- Resources to establish and sustain individual and group self-management strategies locally
Self Management ProgramThe STEPS Skills Program is a free, 6-week information and skills-based program with the following features:
- It has been specifically developed for people with brain injury or stroke and their families
- It facilitates discussion of community themes
- It uses a self-management framework
- It promotes community networking beyond the life of the 6-week program
Use of Peer and Lay LeadersThe STEPS Skills Program is delivered by trained facilitators from a range of backgrounds, including health and disability service workers, lay and peer leaders. A lay leader can be relative or friend of a person with an ABI, or other interested community member. A peer leader is a person who has sustained an ABI. The engagement of lay and peer leaders is especially sought for a number of reasons:
- their commitment to their local community and likely ability to support on-going networking activities
- they have authentic, lived experience of an ABI or caring for a person with an ABI
- STEPS Program leadership may provide a valued participatory role for people with ABI, their families and friends
The STEPS Skills Program uses a self-management approach to foster the development of ongoing informal community networks of support, called STEPS Network Groups.
Community EngagementLocal communities are approached to gauge their interest in the program and to explore local solutions for people with brain injury, their families and carers.
Leader TrainingLocal people are provided with training to develop and deliver local group interventions and on-going network groups. STEPS Skills Program Leader Training is a 2-day training package, typically delivered in the local community. Leaders must be trained to deliver the STEPS Sills Program. Training is supported by facilitator manuals and resources. Training and support is provided to facilitators through all phases of the program.
Group InterventionThe STEPS Skills Program is a 6-week interactive group program offered throughout Queensland, in metropolitan, regional, rural, remote, and indigenous communities. It involves trained leaders delivering 6 x 2-hr sessions using a workbook to follow a structured Program Outline. The workbook facilitates group discussion and sharing of stories and experiences and focuses on ways for participants to look after themselves, enhance relationships with friends and family, plan and achieve goals and learn ways to get the support they need. There is also a strong focus on group self-management as a means of encouraging ongoing contact between members once the 6-week program has ended.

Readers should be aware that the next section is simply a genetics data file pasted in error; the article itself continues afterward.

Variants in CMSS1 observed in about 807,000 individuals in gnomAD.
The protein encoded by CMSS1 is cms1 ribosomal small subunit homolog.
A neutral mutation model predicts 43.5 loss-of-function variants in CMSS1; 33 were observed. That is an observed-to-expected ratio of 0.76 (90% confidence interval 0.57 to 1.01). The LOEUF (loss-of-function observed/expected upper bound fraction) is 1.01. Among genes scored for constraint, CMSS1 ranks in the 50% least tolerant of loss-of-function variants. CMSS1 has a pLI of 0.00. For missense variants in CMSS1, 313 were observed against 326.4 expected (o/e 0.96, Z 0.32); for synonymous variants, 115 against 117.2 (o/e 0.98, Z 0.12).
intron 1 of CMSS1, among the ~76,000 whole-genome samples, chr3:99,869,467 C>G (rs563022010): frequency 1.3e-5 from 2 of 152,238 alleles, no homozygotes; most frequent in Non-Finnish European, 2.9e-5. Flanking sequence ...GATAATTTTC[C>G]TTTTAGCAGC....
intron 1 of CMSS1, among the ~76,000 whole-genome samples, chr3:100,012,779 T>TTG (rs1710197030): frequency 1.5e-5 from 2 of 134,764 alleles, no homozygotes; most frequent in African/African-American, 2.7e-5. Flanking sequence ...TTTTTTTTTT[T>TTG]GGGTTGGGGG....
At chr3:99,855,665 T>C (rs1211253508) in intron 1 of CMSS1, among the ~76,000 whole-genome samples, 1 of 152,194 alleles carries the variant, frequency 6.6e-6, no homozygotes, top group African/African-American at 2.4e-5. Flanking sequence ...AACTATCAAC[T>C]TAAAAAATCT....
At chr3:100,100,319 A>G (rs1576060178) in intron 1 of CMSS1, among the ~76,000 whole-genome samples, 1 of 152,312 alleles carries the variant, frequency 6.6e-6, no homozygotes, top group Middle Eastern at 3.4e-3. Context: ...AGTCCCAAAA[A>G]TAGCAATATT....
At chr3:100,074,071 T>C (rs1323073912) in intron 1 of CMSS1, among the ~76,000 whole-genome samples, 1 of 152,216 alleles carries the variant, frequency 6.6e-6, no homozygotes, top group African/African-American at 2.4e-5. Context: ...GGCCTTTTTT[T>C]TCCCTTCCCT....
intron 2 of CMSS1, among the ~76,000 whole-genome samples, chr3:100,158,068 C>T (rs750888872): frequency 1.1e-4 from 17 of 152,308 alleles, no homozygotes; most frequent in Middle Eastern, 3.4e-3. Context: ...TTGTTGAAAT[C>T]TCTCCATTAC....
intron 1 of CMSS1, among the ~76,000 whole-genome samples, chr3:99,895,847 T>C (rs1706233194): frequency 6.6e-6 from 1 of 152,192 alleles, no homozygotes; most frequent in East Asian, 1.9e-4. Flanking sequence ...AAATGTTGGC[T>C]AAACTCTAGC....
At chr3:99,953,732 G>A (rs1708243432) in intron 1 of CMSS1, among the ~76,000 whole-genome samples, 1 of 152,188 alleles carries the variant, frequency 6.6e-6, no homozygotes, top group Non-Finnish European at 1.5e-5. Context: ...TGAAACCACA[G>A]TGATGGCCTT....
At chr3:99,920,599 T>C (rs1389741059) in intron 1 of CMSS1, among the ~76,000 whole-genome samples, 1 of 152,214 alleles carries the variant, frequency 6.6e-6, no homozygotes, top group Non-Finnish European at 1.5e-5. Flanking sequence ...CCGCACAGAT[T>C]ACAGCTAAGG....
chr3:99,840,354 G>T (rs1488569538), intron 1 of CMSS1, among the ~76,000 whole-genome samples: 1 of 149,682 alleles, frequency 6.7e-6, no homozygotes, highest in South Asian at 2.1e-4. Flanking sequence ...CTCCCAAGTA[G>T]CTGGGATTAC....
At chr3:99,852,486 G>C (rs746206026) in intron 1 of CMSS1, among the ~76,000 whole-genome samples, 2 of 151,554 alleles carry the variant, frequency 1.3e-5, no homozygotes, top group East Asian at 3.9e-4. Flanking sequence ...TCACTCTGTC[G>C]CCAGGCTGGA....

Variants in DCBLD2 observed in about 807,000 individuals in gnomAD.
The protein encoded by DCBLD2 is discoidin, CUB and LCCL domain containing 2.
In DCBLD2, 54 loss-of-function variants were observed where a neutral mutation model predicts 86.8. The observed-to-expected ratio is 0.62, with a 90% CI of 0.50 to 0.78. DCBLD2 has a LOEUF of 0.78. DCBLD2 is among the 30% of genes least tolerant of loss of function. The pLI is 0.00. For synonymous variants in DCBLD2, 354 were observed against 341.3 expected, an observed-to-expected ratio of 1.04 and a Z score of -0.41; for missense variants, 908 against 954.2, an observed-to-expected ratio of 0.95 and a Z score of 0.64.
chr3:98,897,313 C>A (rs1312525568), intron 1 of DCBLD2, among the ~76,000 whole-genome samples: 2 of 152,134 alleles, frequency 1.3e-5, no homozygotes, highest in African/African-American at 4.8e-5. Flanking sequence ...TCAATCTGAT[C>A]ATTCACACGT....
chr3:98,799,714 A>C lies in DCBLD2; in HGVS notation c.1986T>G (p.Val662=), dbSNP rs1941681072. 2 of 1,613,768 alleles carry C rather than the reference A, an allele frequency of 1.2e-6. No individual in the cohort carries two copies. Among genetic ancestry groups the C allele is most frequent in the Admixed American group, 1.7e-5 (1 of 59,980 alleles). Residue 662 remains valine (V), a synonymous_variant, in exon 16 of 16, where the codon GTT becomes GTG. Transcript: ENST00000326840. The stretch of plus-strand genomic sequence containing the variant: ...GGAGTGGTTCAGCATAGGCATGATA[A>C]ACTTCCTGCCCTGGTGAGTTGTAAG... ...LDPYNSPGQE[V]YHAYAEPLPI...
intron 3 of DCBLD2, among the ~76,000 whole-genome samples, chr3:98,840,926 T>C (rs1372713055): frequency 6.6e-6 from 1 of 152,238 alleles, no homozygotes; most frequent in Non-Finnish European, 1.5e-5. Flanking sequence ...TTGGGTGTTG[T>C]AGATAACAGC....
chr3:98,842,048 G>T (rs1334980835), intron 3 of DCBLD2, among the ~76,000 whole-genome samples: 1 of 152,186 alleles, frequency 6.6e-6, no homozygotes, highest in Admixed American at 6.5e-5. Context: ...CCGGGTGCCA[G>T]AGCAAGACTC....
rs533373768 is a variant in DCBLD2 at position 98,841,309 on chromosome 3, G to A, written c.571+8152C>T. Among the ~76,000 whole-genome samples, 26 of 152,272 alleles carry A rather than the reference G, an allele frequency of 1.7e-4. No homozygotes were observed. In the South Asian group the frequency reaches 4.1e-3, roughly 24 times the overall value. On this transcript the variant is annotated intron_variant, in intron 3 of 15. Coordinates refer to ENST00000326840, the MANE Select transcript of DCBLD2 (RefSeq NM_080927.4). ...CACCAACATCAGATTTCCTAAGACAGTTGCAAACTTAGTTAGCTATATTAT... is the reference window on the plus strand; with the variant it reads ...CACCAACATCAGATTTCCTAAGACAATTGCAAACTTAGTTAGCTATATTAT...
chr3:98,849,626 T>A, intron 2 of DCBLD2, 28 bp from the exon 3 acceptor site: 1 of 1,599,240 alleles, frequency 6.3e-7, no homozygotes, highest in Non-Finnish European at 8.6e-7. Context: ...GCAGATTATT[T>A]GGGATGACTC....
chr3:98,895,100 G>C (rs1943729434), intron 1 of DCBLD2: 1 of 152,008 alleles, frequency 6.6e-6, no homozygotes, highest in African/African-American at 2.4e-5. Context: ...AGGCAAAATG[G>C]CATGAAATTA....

A STEPS Poster (pdf, 91kb), provided for all group programs, summarises the program and gives the STEPS Program a statewide identity.
Network GroupsMany participants continue to meet after the 6-week program has ended and these ongoing self-managed networks, STEPS Network Groups, can be either formal or informal. Program facilitators are provided with additional support for ongoing network groups through support, manuals and resources.
The Program is a service arm of the Acquired Brain Injury Outreach Service (ABIOS), Queensland Health, and is managed by the Program Manager.
During the three year project phase (2006 -2008), data was collected both by project staff and externally by Griffith University Research Centre for Clinical Practice Innovation. It involved the examination of inputs (e.g., resources), processes (e.g. outputs, deliverables) and outcomes. Outcomes have been measured across a range of stakeholder groups including people with ABI, their family members and friends, rehabilitation service providers, community health providers and other community representatives. Outcome evaluation has utilised both quantitative and qualitative approaches. The following information represents results obtained for the period 2006 - 2008.
STEPS Skills Program Sites34 STEPS Skills Programs were offered across Queensland, as follows:
- Annerley, Bracken Ridge, Cleveland, Capalaba, Kingston, Logan Central, Buranda, Wooloowin, Mitchelton, Carina, Chermside,